How Steve Jobs Saved Pixar from Bankruptcy?

How Steve Jobs Saved Pixar from Bankruptcy?

The story about the people who built the world around us. Today, we all know Pixar as the king of animated films. But what many people may not realize is that while they were trying to make the original Toy Story, they almost went bankrupt. Let's see how it happened.

Pixar began in 1979 as the graphics group's subsidiary of the Lucasfilm Computer Division. This graphics group was headed by Edwin Catmull of the New York Institute of Technology. The graphics group wanted to make a computer-animated feature film from 1979, they attempted to produce such a film for an early 1980s release.

The project was titled The Works and it was to be 90 minutes long, but it would never be. The computers of the time were too slow and underpowered to create a feature-length film during the process. One of the team members calculated the amount of time it would take to render the frames needed for the film. It would take seven years. Despite more powerful hardware becoming available, the film was eventually abandoned in 1986.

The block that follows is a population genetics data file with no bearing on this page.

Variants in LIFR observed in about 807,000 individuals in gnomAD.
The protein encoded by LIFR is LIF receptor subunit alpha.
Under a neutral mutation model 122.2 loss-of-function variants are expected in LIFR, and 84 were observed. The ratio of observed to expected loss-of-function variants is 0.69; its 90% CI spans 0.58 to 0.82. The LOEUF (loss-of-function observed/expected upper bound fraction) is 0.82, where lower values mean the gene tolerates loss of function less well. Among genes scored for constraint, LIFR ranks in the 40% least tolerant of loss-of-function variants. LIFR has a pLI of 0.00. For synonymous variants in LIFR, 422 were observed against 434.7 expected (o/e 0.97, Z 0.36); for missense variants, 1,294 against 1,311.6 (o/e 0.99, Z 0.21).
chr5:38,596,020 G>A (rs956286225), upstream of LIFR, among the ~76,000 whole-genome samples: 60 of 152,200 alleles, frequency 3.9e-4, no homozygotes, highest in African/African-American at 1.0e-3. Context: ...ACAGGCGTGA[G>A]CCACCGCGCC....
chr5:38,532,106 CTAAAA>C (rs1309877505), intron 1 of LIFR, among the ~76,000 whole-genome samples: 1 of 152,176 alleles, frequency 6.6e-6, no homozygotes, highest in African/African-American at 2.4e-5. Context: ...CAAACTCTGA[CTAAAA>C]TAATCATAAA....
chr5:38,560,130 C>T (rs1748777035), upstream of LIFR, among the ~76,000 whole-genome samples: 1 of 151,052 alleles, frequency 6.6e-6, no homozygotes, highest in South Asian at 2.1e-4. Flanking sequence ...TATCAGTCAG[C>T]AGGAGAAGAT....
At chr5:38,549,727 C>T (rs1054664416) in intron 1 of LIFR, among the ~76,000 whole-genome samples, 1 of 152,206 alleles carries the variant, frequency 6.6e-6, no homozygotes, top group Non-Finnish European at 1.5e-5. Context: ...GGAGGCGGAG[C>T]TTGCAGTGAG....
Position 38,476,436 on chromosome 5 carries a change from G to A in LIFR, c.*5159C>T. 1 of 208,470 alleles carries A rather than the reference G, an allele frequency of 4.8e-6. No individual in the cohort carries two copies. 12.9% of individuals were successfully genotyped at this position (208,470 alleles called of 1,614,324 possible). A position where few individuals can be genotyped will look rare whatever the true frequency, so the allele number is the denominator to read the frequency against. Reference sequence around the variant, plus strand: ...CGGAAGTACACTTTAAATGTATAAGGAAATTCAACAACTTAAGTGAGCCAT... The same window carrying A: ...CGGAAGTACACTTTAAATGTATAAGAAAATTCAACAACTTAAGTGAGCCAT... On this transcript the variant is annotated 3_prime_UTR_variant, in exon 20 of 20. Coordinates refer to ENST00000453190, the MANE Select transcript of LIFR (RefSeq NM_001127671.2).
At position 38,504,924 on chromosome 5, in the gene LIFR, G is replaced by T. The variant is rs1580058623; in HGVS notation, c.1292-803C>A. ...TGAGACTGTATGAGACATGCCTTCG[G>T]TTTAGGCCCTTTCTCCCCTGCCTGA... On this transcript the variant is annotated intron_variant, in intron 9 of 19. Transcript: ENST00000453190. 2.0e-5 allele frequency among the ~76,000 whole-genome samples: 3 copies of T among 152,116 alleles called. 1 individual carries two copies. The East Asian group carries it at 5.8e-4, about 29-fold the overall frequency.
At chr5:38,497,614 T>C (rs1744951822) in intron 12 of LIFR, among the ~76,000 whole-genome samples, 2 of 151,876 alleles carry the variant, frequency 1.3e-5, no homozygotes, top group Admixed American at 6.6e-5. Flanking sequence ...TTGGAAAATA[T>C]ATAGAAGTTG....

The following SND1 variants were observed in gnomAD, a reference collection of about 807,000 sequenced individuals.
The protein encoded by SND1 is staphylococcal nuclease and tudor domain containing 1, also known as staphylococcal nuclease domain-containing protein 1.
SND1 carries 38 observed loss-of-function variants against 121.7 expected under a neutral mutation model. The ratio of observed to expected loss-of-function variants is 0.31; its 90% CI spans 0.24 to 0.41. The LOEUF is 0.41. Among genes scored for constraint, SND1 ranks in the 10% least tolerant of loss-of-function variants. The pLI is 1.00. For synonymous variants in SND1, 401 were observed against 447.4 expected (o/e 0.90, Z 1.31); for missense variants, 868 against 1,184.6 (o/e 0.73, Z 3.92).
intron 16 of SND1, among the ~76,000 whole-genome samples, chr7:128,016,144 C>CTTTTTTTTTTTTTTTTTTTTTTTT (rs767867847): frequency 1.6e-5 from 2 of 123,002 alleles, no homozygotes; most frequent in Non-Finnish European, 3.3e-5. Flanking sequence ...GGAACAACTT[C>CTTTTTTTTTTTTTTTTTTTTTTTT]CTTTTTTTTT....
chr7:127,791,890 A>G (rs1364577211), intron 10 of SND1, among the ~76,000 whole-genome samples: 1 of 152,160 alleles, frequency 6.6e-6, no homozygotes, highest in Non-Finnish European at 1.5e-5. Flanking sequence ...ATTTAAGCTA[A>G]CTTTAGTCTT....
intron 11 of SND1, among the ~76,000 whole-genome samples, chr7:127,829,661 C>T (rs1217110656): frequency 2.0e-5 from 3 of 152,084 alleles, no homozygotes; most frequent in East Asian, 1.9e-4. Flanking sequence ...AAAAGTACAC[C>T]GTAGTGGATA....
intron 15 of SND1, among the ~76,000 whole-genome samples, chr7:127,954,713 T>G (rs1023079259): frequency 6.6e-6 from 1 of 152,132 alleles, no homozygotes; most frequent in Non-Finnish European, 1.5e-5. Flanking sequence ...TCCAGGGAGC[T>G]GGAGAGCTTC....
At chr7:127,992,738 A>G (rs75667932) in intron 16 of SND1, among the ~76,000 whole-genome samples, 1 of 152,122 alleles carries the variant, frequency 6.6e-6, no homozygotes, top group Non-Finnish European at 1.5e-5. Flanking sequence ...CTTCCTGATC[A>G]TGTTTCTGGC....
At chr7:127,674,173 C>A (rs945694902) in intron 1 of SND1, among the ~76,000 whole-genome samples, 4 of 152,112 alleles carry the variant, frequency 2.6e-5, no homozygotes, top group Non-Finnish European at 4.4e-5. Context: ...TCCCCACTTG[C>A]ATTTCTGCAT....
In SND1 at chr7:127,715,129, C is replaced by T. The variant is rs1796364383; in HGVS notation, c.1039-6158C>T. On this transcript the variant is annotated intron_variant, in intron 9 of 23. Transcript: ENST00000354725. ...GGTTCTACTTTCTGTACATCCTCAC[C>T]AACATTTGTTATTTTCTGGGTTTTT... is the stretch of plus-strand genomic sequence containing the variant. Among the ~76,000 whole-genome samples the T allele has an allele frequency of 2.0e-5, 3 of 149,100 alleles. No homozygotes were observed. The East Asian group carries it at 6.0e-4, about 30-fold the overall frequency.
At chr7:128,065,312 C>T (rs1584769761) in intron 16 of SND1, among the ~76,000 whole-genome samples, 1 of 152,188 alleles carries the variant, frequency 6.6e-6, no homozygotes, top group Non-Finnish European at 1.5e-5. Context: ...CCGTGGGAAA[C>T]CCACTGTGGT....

The works would have been the first entirely 3D COMPUTER-GENERATED film had it been finished as intended. By the time it was abandoned, just over one-tenth of the film had been completed. In the same year in 1986, the Lucasfilm Graphics Group would spin out of Lucasfilm as picks up a standalone corporation with Edwin as president to fix the problem of the slow computers, the Pixar team decided to work on their own computer hardware. The result was the image Pixar computer at a price of $220000.

This is Image Computer, the Pixar family of Image Computers consists of the original Pixar Image Computer, the new lower-priced Pixar too, and includes a C compiler and software toolkits for developing specific applications. Pixar's image computers are being used in medical imaging. Remote sensing graphic guards, including 3D design and animation and scientific visualization.

It was powerful for the time, around 50 times faster than conventional equipment. A scene that would traditionally take around 15 minutes to render was shortened to about 18 seconds.

Each frame was computed in eight to 10 minutes. On the Pixar image computer, roughly 50 times faster than many computer rendering.